Derek Jeter Hits #3,000…Why Doesn’t Yankee Fan Take Money In Exchange For The Histroic Ball?

Posted: July 14, 2011 in MLB

So Derek Jeter got his 3,000th hit over the weekend – and I thought the coolest part of it, was that the kid who caught the baseball – Christian Lopez, 23 years old, didn’t want any money! He didn’t want a penny. He basically said here’s the ball – the guy could probably make high 6 figures, maybe 7 and said he doesn’t want it. I’ve got a theory that might help to explain why the kid didn’t want the money. I might be wrong, but this is my theory – and I’ll give you an example.

Southwest Airlines got the fewest complaints last year, from you the consumer, of any domestic airline in the U.S. a grand total of 37. Now, they fly $10 million people and only 37 Americans called to complain about Southwest Airlines. Yet, they’re departure time was worse than United Airlines, worse than Delta and worse than Continental. Yet those Airlines got 4x more the complaints…why is that? It’s because Americans like Southwest Airlines. They wear kakis, they tell jokes, you don’t sue people you like…it’s harder to sue somebody you like, it’s hard to fire somebody you like.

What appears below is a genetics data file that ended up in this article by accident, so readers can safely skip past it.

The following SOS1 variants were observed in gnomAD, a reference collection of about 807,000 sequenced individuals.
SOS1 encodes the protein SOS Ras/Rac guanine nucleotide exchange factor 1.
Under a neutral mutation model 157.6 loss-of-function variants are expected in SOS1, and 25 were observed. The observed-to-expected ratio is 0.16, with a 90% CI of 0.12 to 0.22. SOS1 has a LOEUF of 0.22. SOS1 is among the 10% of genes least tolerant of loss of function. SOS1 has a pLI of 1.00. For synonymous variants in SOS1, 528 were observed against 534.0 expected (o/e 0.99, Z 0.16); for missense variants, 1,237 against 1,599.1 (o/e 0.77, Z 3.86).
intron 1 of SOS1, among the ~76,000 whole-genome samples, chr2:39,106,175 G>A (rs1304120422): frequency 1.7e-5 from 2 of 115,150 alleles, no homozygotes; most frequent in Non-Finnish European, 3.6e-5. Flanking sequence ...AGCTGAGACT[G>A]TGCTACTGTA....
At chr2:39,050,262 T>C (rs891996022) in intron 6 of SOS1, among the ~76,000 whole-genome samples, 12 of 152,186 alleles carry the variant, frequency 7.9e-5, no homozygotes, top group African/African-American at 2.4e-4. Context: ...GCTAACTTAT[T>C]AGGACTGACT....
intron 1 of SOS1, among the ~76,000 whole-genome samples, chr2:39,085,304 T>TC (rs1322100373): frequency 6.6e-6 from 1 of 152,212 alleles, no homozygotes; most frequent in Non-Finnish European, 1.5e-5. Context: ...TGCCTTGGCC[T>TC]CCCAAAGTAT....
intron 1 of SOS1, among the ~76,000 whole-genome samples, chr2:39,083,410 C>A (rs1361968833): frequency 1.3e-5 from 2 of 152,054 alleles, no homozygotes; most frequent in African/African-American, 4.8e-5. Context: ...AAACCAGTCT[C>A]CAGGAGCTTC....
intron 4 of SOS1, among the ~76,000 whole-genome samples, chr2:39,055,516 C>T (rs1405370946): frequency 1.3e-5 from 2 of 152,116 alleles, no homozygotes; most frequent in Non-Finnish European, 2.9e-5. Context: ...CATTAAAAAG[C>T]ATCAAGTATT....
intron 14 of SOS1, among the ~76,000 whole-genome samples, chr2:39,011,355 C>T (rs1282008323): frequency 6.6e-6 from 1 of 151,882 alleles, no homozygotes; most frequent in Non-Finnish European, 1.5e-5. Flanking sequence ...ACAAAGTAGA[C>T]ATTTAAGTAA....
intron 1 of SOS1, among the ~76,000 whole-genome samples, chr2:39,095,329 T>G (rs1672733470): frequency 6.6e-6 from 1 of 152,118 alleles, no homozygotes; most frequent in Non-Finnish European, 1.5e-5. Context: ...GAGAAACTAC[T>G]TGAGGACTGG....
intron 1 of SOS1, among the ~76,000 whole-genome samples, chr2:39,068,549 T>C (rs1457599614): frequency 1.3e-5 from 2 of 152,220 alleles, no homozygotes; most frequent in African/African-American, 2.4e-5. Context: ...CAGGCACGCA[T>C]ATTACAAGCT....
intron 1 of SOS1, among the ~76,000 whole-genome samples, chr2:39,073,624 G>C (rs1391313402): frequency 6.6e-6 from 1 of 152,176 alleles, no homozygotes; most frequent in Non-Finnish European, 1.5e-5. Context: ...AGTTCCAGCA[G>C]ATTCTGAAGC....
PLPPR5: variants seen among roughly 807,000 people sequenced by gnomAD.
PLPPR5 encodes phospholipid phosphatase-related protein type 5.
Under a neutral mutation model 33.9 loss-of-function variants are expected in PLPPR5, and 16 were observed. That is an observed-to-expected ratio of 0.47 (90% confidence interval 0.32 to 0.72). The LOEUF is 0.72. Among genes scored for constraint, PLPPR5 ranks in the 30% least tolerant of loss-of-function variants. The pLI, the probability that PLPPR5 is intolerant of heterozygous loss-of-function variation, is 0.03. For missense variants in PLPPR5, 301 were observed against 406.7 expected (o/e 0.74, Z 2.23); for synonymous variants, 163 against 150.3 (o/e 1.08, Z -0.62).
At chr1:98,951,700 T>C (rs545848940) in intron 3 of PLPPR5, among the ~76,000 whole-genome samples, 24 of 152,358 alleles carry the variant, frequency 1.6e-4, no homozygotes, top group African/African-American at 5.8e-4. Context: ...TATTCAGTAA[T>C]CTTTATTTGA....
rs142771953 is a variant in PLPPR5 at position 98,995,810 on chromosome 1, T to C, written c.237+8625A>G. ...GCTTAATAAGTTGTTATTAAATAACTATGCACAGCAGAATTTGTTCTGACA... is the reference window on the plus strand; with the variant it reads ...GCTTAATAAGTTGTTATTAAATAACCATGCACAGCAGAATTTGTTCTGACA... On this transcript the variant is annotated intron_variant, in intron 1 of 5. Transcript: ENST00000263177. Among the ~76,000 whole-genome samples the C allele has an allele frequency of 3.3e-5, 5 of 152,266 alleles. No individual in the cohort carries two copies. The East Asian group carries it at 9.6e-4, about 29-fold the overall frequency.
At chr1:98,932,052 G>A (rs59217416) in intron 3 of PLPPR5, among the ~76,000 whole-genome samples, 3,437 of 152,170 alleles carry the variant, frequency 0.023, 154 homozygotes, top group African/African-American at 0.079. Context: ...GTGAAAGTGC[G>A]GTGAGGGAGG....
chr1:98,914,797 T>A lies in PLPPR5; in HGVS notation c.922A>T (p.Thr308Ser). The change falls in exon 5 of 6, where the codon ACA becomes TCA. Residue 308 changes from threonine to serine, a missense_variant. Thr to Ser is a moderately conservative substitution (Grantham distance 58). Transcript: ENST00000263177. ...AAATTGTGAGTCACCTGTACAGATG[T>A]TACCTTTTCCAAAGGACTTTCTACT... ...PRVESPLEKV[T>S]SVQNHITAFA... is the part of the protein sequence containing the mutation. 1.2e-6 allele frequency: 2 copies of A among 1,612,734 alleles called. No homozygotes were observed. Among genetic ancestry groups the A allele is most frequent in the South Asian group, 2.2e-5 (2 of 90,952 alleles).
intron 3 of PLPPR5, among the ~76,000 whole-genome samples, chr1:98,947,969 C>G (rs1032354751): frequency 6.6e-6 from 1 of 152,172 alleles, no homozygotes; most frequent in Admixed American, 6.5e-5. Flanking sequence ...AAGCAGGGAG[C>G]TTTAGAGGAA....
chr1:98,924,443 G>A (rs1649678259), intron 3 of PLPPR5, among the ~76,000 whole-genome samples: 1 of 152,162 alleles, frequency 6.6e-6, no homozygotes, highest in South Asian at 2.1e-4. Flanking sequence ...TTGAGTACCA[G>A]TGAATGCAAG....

We like Derek Jeter, Barry Bonds hits it into the stands – we don’t like Barry Bonds “Barry, give me a million bucks!” or I’m not giving you the ball. Mark McGuire – distant aloof hit’s it into the stands “give us a million bucks”. When A-rod hit’s it into the stands for home runs #700 “hey, let’s negotiate”. But we like Derek Jeter so much; it would be unbecoming to negotiate with Derek Jeter. It’s like Southwest Airlines – you can’t call and complain. They make jokes over the loudspeaker, they wear kaki’s, they don’t feel corporate “they’re one of us” being liked goes a long long way!

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Comments
  1. Mike Crack says:

    I wonder if it’s just a case of that particular guy having that mindset. Maybe if it were another fan, he’d want cash for the ball. You make a good point about not suing people you like, though. I’ve heard that the biggest factor in a patient’s family not suing a physician after a medical error killed the patient is if the physician spoke to the family during the treatment. Absentee physicians are more likely to be sued than physician’s who communicated with the family during the care phase.

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